||Volume 18, Number 1, September 2005
Election tool kit and beyond:
A foray into the history of public education and John Jessop
by Paula Naylor
It’s funny how one internet journey can launch a whole other research adventure. It all started with my decision to order Election BC’s Grade Five Election Tool Kit. I planned to adapt it for inclusion in the social studies unit I was creating for my Grade 4s. While parts of the kit have been useful, I was quite disappointed by the sections dealing with the rights of Canadian citizens and B.C. election history.
The section that delineates our rights as provided through the Charter of Rights and Freedoms and Canada’s Human Rights Code is prefaced with: "all Canadians are protected by certain rights based on Canada’s tradition of democracy and respect for human dignity and freedom" (p. 24). This statement is misleading when we consider just how many of us have been excluded from voting in B.C. at different times. A comprehensive list is available on the Elections BC web site. Given that women, Aboriginals, Asians, South Asians, Mennonites, teachers (yes, teachers!), and civil servants (yes, them too!) among others have been prohibited from participating in elections in the past, it seems more appropriate that the preface recognize our efforts to create a democracy that truly respects human dignity and freedom by making us all equal partners in the selection of our governing bodies.
While the tool kit features a section entitled "Important Dates in BC Election History" (p. 28), sadly, this abbreviated version of the list available on the Elections BC web site fails to mention our embarrassing history of exclusion, making reference only to when women achieved the right to vote. This is indeed unfortunate as it intimates that we should hide (or ignore) the fact that respect and tolerance were hard fought for, not inalienable rights. Our students benefit when we use history to inform the present. It enables them to better prepare for the future. Perhaps more young people would exercise the right to vote if they were aware of its fragile history. It’s too bad the creators of the tool kit didn’t take this into consideration. Luckily, we can access more complete information on their web site, which is where I learned that teachers in B.C. were prohibited from voting or campaigning from 1878 to 1883. That certainly piqued my curiosity.
During our class discussion of B.C. election history, my students provided the following theories: (1) teachers already had the privilege of teaching, (2) teachers have a job that’s fun, (3) the government thought teachers weren’t important, (4) the government wasn’t sure teachers had enough experience to vote, (5) the government thought teachers had enough work to do already, and (6) the government thought they’d vote for the things that were best for teachers.
Nonplussed, I decided that it warranted further investigation. While intense Googling on my part failed to find any direct reference to what led to the exclusion, my guess is that it has to do with the fact that John Jessop (a teacher who became B.C.’s first provincial superintendent of education) supported the political faction that brought down Premier George Anthony Walkem’s government in a non-confidence motion in 1876.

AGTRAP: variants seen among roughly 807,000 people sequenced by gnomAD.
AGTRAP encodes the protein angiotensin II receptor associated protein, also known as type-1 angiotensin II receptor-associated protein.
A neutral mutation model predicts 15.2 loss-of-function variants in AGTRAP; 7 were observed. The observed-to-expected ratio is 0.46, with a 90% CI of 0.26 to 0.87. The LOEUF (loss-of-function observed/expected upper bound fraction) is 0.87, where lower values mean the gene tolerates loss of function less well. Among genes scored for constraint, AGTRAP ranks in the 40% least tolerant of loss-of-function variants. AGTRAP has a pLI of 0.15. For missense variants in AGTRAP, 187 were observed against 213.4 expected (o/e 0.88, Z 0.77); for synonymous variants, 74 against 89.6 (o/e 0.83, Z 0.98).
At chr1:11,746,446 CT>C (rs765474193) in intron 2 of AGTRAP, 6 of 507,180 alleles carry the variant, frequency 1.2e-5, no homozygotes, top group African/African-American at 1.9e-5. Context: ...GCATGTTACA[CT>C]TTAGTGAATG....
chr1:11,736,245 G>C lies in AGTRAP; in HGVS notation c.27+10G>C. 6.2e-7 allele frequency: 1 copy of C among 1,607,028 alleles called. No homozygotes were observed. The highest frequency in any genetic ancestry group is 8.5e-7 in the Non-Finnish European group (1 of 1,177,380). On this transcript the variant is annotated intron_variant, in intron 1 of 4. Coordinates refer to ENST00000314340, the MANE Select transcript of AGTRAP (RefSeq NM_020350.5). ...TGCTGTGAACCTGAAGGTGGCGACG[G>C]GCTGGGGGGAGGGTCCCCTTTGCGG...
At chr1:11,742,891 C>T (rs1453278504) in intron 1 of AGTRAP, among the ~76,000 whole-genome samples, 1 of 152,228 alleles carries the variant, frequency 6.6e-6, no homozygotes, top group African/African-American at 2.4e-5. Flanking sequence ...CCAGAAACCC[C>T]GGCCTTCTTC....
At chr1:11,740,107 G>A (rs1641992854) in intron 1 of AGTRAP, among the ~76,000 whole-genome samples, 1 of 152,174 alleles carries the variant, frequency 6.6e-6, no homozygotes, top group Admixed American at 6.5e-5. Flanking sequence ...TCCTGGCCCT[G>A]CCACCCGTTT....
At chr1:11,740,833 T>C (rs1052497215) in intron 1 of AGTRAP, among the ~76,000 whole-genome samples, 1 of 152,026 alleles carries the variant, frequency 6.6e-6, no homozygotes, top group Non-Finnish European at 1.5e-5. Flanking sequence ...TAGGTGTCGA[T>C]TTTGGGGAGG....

Walkem (whose government had previously passed a statute that denied the vote to Chinese and Aboriginal people in 1874) forced Jessop and the entire Board of Education to resign when he got back in power in 1878 (having regained popular support after defending the arrest of striking Nanaimo miners in 1877!). It appears that Jessop had further incurred Walkem’s ire by forwarding a resolution from the provincial teachers’ convention criticizing proposed changes to the School Act of 1872, which Jessop had helped draft. The government then proceeded not only to amend The School Act, but to abolish the Board of Education as well.
Jessop, a proponent for free, non-sectarian education, was earlier involved in what is considered to be Canada’s first teachers’ strike. He and his Victoria teaching colleagues withdrew their services in 1870, after having worked both without pay as well as on reduced pay for previous years due to unremedied education funding shortfalls. Their intent was to press for local school tax bylaws. The tactic failed and Victoria District and Central Schools remained closed for the next two years.
In 1872, after numerous unsuccessful bids for the post, Jessop became superintendent of education. During his six-year tenure the public school system experienced expansion and improvements. More schools were built. More teachers were hired. Professional development initiatives were introduced. Structures were put in place to support rural schools. According to Jessop, children "will be just what education or the want of it may make them. With it a majority may grow up respectable members of society, without it many will become inmates of our jails and penitentiaries." That’s certainly food for thought in light of the political climes in which public education has found itself over the past four years.
If anyone out there knows anything more about why teachers weren’t allowed to vote, please let me know.
Paula Naylor teaches at Queen Victoria Elementary School Annex, Vancouver.
Elections BC, www.elections.bc.ca, Dictionary of Canadian Biographies Online, www.biographi.ca, The Homeroom: British Columbia’s history of education web site, www.mala.bc.ca/homeroom.